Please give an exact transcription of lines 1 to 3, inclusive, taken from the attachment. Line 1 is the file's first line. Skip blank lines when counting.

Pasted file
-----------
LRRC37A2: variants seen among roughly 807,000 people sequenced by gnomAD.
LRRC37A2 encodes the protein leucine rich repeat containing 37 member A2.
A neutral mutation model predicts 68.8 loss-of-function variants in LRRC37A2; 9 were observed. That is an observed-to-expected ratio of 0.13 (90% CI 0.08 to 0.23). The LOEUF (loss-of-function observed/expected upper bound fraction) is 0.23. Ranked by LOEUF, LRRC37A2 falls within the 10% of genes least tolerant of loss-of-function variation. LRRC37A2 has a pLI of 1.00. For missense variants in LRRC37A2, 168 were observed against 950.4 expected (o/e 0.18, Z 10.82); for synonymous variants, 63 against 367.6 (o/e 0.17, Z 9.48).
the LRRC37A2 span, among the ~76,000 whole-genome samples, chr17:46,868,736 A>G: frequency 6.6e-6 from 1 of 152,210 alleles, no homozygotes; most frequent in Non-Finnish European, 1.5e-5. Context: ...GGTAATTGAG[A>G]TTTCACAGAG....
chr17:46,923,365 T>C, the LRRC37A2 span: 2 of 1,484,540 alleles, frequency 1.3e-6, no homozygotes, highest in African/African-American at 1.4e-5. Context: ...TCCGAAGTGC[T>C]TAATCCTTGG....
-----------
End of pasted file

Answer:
LRRC37A2: variants seen among roughly 807,000 people sequenced by gnomAD.
LRRC37A2 encodes the protein leucine rich repeat containing 37 member A2.
A neutral mutation model predicts 68.8 loss-of-function variants in LRRC37A2; 9 were observed. That is an observed-to-expected ratio of 0.13 (90% CI 0.08 to 0.23). The LOEUF (loss-of-function observed/expected upper bound fraction) is 0.23. Ranked by LOEUF, LRRC37A2 falls within the 10% of genes least tolerant of loss-of-function variation. LRRC37A2 has a pLI of 1.00. For missense variants in LRRC37A2, 168 were observed against 950.4 expected (o/e 0.18, Z 10.82); for synonymous variants, 63 against 367.6 (o/e 0.17, Z 9.48).